Distilled Insight: Writing Powerful Stories – Pride and Prejudice

What makes our stories pull on the reader’s mind and heart?

“Which do you mean?” and turning round, he looked for a moment at Elizabeth, till catching her eye, he withdrew his own and coldly said, “She is tolerable; but not handsome enough to tempt me; and I am in no humour at present to give consequence to young ladies who are slighted by other men. You had better return to your partner and enjoy her smiles, for you are wasting your time with me.”

In Pride and Prejudice, this is our first  introduction to Mr. Darcy as the prideful man of higher social class.  His words sear a lasting impression into the mind of the reader, and Elizabeth, our protagonist.  These words plant a seed of contention between Mr. Darcy and Elizabeth.  It is such a surprise to a new reader, then, when it is learned that the two are destined to love each other.

The story excels because it creates the ground for an arc from bad, that goes to worse, and then finally, when tension is at its highest, it goes to wonderful.  The reader realizes that this man is actually perfectly suited to Elizabeth and the two are meant for each other. What was once loathing for a character has transitioned into love. Jane Austen takes you from one end of the spectrum to the other.  Lesson: the further the contrast, the better the payoff.

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Starting a Podcast

ImagePodcasting is a new and exciting creative exercise for me.  I’m now doing a podcast called Firsts in Fiction with Aaron Gansky, a long-time friend and fellow writer.  In the podcast, I’m the “aspiring” writer, and he’s a published author.  We discuss topics that include character development, starting your book, and rules for writing good fiction.

After ten episodes we’re just now starting to hit our stride and feeling more comfortable with the content we’re producing.  Sitting down and talking to listeners unseen is a challenge.  You need to orient yourself to be comfortable speaking to somebody that isn’t there.  Having a co-host helps that awkward feel, but it still took some getting used to.

We record our episodes in batch, because we’re both busy guys and don’t have the time to meet once a week and record.  With kids, full time jobs, and a long list of standard commitments, we found that batching was a really effective way to do this.

Episode 10 just aired on Monday, which brings to a close the poor quality audio recordings we did a few weeks ago.  We just got together again, this last weekend, and recorded episodes 11 through 14 with new microphones and sat in my car to get superior sound dampening (pro-tip).

We had a guest, Nathan Bodell of Wednesday Comics, sit in with us to learn the ropes of podcasting.  I was glad to have him along for this latest batch because I’d say it was a good representation of how to do a good podcast.  Our old methods wouldn’t have taught good habits.  It was a lot of fun.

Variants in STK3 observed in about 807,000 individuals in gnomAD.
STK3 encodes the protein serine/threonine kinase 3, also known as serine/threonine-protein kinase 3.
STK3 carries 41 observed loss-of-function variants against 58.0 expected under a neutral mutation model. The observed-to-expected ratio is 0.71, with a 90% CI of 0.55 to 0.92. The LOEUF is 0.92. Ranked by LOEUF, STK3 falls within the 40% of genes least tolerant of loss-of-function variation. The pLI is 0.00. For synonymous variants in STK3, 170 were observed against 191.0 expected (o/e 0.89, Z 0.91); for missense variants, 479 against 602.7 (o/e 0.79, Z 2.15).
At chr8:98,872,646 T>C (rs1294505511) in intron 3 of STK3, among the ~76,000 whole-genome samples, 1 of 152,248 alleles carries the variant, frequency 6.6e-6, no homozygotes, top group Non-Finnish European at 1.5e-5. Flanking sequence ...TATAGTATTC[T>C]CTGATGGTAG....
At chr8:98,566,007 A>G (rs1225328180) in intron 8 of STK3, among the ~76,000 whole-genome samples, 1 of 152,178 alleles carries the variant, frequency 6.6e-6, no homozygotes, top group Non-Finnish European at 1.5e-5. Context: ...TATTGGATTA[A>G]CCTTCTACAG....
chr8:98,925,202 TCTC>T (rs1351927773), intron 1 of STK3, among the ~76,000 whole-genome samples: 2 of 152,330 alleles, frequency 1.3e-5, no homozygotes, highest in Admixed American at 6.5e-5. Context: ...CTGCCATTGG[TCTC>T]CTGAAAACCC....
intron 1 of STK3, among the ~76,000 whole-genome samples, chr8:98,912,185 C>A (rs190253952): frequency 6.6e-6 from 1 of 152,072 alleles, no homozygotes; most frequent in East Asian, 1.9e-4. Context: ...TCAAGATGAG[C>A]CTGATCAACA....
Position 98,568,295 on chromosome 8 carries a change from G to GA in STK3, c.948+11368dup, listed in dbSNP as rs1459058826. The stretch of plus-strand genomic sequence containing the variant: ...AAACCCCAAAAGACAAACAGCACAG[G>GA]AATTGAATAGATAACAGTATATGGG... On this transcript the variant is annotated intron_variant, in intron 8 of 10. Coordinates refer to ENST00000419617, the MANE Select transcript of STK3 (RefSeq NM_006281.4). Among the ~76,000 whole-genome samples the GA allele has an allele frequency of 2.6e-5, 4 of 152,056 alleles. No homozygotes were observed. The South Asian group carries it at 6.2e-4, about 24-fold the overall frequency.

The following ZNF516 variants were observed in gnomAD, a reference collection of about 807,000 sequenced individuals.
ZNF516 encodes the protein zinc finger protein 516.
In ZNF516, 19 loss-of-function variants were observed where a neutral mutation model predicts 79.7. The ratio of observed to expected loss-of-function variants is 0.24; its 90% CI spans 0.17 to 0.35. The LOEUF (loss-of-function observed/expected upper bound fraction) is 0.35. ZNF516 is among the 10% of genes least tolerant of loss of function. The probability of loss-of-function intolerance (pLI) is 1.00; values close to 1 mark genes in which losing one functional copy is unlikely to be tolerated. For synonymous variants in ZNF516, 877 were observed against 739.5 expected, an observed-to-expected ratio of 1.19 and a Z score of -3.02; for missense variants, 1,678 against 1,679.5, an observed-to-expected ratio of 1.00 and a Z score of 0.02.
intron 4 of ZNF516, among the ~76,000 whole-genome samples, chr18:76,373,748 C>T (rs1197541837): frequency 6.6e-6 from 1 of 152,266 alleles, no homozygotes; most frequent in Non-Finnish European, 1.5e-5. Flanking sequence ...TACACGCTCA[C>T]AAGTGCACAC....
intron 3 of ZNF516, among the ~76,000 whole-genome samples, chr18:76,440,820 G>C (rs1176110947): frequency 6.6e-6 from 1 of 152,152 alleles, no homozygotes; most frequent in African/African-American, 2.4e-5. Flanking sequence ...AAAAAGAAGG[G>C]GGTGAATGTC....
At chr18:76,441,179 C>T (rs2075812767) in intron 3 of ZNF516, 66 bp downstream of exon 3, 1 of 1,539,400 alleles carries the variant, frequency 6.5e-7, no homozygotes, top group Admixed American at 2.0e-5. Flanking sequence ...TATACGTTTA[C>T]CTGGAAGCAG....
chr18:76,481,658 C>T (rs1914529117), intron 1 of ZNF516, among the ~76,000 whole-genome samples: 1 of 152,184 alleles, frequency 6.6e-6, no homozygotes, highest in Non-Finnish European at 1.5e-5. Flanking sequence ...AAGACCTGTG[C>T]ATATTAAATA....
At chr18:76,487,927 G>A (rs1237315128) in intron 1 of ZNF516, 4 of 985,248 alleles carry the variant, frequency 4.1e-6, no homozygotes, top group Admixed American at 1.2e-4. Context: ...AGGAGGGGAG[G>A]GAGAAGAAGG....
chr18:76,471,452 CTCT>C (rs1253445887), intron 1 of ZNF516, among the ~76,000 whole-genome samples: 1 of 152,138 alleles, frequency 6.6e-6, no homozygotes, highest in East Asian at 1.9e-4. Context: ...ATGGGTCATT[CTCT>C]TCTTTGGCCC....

However, late in Episode 11, while we were busily discussing how to understand editors, an echo developed and proceeded to get progressively worse until the end.  Our microphones were picking up all our voices and creating the echo.  To make matters even worse, I didn’t catch the problem until we finished recording all four episodes.  (We were in a hurry to get through recording each episode because an hour was wasted at the beginning resolving technical difficulties.) This was because of our close proximity, and without any barriers between us to block out the additional sounds from each other’s voices, all the mics were picking up all our voices at the same time.

Episode 11 is passable and will air, but the rest are not.  We’re going to try to get the additional recording done during an already busy coming weekend.  These kinds of issues can be very discouraging, but we all maintained a positive attitude–I think we were able to stay upbeat because we have such a passion for it.

On the bright side, I feel like a real podcaster now, having encountered the dreaded lost episode problem.  Losing three out of four episodes is a pretty big blow, but having had so much fun doing them in the first place, we’re happy to revisit the same content and do it again.  I’d wager it’ll even be better content now that we’ve fleshed out some of our thoughts once already.

If you’re thinking of starting your own podcast, I have a few pointers:

If you’re on a budget, buy Audio Technica ATR2100s and your audio will sound fantastic.

Want incredible, vocal-booth quality audio? Record in your car.  Your car is built to dampen sound.  I like to say that I have a $17,000 vocal booth. Be careful with multiple people though, as we learned.

We use Audacity to record and edit our audio.  It’s free, open source, multi-platform, and works well.

If you need to record more than one person in a room and don’t have the money to buy a mixer (which we didn’t), invest a more reasonable $35 and buy VAC (Virtual Audio Cable). The program is not well-known, because it’s not well publicized, but it does the trick.  You can download the trial to see if it works for you, but you’ll quickly want to upgrade because it announces that it’s a trial into your audio stream every ten seconds.  YouTube will guide you through setup and use. We used it and it worked great.

I can’t recommend Dave Jackson’s show School of Podcasting enough.  He’s provided a ton of great insights into how to do a good podcast. There are plenty of other great shows out there too, and to find them, I recommend checking out Podcaster’s Roundtable.  All the greats are on this show and you can go listen to all their individual shows.

If you’re a fiction writer and would like to learn more about writing great fiction, I recommend listening to our podcast.  Please excuse the poor audio in our first batch of episodes, but I hope you enjoy the content.

Click Firsts in Fiction Podcast to go to all the episodes.

Click HERE to subscribe on iTunes.

Follow us on Twitter HERE.

Thanks for reading and thanks for listening!

What Makes for a Good Magic System